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Landmark Study Finds Increased Productivity, Lower Vacancy and Higher Rents in Green Buildings

Study concludes that green buildings are healthier for employees.  A new study conducted by the University of San Diego and CB Richard Ellis Group Inc. (CBRE) has found that tenants in green buildings experience fewer sick days and have increased productivity.  Furthermore, researchers determined that green buildings have higher rental rates and lower vacancies.

Overseen by Dr. Norm Miller of the University of San Diego’s Burnham-Moores Center for Real Estate, the “Do Green Buildings Make Dollars and Sense?” study took a year to complete and is the largest study of its kind to date.  The research was conducted in collaboration with Dave Pogue, CBRE’s national director of sustainability, and Ray Wong, CBRE’s director of Americas research.

The study determined that tenants in green buildings are more productive based on two measures — the average number of tenant sick days and the self-reported productivity change.  Study respondents reported an average of 2.88 fewer sick days in their current green office compared to their previous non-green office.  The research additionally showed that green buildings have 13 percent higher rental rates and 3.5 percent lower vacancy rates than the market.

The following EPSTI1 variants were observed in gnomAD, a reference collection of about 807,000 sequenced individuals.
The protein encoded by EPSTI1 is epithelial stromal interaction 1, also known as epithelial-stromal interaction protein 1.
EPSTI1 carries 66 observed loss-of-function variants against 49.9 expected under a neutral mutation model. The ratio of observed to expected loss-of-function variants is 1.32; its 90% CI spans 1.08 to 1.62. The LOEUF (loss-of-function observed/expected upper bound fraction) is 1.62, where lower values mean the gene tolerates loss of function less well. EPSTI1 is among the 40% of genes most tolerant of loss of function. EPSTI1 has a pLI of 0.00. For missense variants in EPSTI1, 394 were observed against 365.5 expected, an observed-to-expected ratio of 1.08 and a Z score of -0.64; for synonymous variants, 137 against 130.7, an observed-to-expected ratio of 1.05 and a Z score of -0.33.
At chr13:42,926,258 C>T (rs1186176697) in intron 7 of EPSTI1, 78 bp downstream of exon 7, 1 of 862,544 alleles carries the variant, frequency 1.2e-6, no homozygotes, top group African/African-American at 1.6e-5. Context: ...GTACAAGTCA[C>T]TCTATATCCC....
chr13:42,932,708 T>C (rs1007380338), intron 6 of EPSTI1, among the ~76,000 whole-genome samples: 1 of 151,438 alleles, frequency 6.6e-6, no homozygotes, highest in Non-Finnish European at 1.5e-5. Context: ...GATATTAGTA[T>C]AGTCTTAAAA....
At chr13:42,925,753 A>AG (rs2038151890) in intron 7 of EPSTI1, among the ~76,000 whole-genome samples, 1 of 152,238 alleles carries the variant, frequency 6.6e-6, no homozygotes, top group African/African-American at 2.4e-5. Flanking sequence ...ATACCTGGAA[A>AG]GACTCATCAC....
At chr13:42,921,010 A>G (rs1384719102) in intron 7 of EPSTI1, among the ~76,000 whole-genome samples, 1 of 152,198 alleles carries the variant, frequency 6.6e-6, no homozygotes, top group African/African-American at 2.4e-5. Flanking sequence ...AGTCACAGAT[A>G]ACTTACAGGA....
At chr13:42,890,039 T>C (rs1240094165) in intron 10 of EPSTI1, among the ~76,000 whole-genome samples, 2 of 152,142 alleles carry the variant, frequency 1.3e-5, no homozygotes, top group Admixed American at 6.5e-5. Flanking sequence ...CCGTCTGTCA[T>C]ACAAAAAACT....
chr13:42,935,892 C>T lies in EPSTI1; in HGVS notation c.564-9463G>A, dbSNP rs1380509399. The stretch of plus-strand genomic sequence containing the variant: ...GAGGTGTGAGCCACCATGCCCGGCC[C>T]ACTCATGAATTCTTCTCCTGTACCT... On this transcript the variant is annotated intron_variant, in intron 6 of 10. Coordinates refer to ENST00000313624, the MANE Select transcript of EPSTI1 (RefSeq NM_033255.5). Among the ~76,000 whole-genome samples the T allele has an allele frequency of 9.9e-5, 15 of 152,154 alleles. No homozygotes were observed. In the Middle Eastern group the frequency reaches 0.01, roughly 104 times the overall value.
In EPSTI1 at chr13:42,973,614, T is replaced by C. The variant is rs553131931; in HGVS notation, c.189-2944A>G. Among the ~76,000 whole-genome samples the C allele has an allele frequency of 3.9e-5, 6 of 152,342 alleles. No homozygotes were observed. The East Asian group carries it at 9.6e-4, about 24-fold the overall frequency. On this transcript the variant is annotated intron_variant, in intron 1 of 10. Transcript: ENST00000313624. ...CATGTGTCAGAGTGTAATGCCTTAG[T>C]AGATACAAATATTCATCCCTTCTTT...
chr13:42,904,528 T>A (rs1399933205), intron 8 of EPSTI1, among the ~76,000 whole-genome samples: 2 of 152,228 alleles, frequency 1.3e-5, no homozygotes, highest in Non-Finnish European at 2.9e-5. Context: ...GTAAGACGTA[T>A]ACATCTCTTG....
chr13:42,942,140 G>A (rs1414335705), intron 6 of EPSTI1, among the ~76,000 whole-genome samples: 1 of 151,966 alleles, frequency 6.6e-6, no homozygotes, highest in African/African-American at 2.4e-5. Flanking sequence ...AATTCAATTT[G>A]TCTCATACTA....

Pogue comments, “The results of this project are beginning to demonstrate the very real and positive impact of sustainable buildings for both our owners and tenant occupants.  We have been seeking ways to make an empirical case for the economic benefits of sustainable practices and the results of this study exceeded our expectations.”  For its findings, CBRE and the University of San Diego surveyed more than 150 buildings under CBRE management.  Researchers defined a green building as those with Leadership in Energy and Environmental Design (LEED) certification at any level or those that bear the EPA ENERGY STAR label.

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